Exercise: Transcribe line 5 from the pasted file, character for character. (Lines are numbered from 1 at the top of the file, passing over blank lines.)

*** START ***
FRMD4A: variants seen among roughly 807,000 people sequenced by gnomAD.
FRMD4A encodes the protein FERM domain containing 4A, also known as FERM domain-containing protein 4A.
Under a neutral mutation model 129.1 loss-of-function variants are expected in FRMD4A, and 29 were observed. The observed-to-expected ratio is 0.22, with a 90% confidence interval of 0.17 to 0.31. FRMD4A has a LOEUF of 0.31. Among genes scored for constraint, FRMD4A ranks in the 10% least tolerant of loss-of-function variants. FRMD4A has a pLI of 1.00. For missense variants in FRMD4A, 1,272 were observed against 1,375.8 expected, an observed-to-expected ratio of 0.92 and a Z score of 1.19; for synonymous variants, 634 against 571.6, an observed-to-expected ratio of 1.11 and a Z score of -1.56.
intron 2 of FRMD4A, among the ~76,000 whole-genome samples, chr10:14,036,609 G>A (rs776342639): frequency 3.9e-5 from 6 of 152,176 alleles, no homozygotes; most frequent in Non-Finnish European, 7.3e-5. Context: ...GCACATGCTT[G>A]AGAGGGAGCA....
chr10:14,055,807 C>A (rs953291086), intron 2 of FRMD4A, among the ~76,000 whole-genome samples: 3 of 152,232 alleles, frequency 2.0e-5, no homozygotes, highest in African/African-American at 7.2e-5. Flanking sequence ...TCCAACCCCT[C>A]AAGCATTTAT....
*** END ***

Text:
chr10:14,055,807 C>A (rs953291086), intron 2 of FRMD4A, among the ~76,000 whole-genome samples: 3 of 152,232 alleles, frequency 2.0e-5, no homozygotes, highest in African/African-American at 7.2e-5. Flanking sequence ...TCCAACCCCT[C>A]AAGCATTTAT....